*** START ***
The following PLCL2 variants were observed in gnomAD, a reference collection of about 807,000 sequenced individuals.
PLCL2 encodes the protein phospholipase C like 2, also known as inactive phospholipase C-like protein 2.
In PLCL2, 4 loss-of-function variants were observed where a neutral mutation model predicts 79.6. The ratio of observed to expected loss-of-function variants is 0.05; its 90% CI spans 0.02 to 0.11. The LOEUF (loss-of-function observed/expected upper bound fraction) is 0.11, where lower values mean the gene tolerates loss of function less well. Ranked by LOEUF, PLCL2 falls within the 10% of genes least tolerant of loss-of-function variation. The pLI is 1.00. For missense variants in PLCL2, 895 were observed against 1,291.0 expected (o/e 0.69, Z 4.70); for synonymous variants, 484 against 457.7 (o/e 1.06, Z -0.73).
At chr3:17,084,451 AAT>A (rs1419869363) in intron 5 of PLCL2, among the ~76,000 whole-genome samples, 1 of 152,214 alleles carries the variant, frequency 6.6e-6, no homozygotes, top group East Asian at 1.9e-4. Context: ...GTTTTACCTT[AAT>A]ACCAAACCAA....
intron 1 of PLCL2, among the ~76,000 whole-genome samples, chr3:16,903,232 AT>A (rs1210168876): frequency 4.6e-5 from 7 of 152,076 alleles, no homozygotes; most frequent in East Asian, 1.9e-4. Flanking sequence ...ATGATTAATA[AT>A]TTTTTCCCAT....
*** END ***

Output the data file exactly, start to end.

The following PLCL2 variants were observed in gnomAD, a reference collection of about 807,000 sequenced individuals.
PLCL2 encodes the protein phospholipase C like 2, also known as inactive phospholipase C-like protein 2.
In PLCL2, 4 loss-of-function variants were observed where a neutral mutation model predicts 79.6. The ratio of observed to expected loss-of-function variants is 0.05; its 90% CI spans 0.02 to 0.11. The LOEUF (loss-of-function observed/expected upper bound fraction) is 0.11, where lower values mean the gene tolerates loss of function less well. Ranked by LOEUF, PLCL2 falls within the 10% of genes least tolerant of loss-of-function variation. The pLI is 1.00. For missense variants in PLCL2, 895 were observed against 1,291.0 expected (o/e 0.69, Z 4.70); for synonymous variants, 484 against 457.7 (o/e 1.06, Z -0.73).
At chr3:17,084,451 AAT>A (rs1419869363) in intron 5 of PLCL2, among the ~76,000 whole-genome samples, 1 of 152,214 alleles carries the variant, frequency 6.6e-6, no homozygotes, top group East Asian at 1.9e-4. Context: ...GTTTTACCTT[AAT>A]ACCAAACCAA....
intron 1 of PLCL2, among the ~76,000 whole-genome samples, chr3:16,903,232 AT>A (rs1210168876): frequency 4.6e-5 from 7 of 152,076 alleles, no homozygotes; most frequent in East Asian, 1.9e-4. Flanking sequence ...ATGATTAATA[AT>A]TTTTTCCCAT....